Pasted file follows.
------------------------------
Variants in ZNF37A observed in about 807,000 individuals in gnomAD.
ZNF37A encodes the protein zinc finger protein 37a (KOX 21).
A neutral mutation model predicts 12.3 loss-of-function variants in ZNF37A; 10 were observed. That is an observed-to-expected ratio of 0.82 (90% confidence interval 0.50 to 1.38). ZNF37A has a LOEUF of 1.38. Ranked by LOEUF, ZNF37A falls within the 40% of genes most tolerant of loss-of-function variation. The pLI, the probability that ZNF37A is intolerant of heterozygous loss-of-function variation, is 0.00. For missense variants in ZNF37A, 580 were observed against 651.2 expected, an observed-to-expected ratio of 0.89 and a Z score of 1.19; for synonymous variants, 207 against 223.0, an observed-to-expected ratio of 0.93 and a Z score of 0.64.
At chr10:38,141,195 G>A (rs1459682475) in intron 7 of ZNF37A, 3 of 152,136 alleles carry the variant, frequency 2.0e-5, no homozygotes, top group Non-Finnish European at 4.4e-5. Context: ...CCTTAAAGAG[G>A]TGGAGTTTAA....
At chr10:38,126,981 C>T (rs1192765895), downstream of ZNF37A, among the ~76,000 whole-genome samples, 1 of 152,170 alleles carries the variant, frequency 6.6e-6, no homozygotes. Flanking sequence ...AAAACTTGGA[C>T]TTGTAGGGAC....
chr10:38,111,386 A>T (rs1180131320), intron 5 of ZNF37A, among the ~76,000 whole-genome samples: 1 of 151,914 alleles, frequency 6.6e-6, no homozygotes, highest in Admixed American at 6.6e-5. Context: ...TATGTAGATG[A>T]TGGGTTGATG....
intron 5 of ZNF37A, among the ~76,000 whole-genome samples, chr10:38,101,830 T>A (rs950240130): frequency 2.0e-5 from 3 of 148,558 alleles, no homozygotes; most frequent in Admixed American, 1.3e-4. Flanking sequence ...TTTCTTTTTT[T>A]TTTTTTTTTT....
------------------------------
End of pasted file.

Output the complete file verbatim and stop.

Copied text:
Variants in ZNF37A observed in about 807,000 individuals in gnomAD.
ZNF37A encodes the protein zinc finger protein 37a (KOX 21).
A neutral mutation model predicts 12.3 loss-of-function variants in ZNF37A; 10 were observed. That is an observed-to-expected ratio of 0.82 (90% confidence interval 0.50 to 1.38). ZNF37A has a LOEUF of 1.38. Ranked by LOEUF, ZNF37A falls within the 40% of genes most tolerant of loss-of-function variation. The pLI, the probability that ZNF37A is intolerant of heterozygous loss-of-function variation, is 0.00. For missense variants in ZNF37A, 580 were observed against 651.2 expected, an observed-to-expected ratio of 0.89 and a Z score of 1.19; for synonymous variants, 207 against 223.0, an observed-to-expected ratio of 0.93 and a Z score of 0.64.
At chr10:38,141,195 G>A (rs1459682475) in intron 7 of ZNF37A, 3 of 152,136 alleles carry the variant, frequency 2.0e-5, no homozygotes, top group Non-Finnish European at 4.4e-5. Context: ...CCTTAAAGAG[G>A]TGGAGTTTAA....
At chr10:38,126,981 C>T (rs1192765895), downstream of ZNF37A, among the ~76,000 whole-genome samples, 1 of 152,170 alleles carries the variant, frequency 6.6e-6, no homozygotes. Flanking sequence ...AAAACTTGGA[C>T]TTGTAGGGAC....
chr10:38,111,386 A>T (rs1180131320), intron 5 of ZNF37A, among the ~76,000 whole-genome samples: 1 of 151,914 alleles, frequency 6.6e-6, no homozygotes, highest in Admixed American at 6.6e-5. Context: ...TATGTAGATG[A>T]TGGGTTGATG....
intron 5 of ZNF37A, among the ~76,000 whole-genome samples, chr10:38,101,830 T>A (rs950240130): frequency 2.0e-5 from 3 of 148,558 alleles, no homozygotes; most frequent in Admixed American, 1.3e-4. Flanking sequence ...TTTCTTTTTT[T>A]TTTTTTTTTT....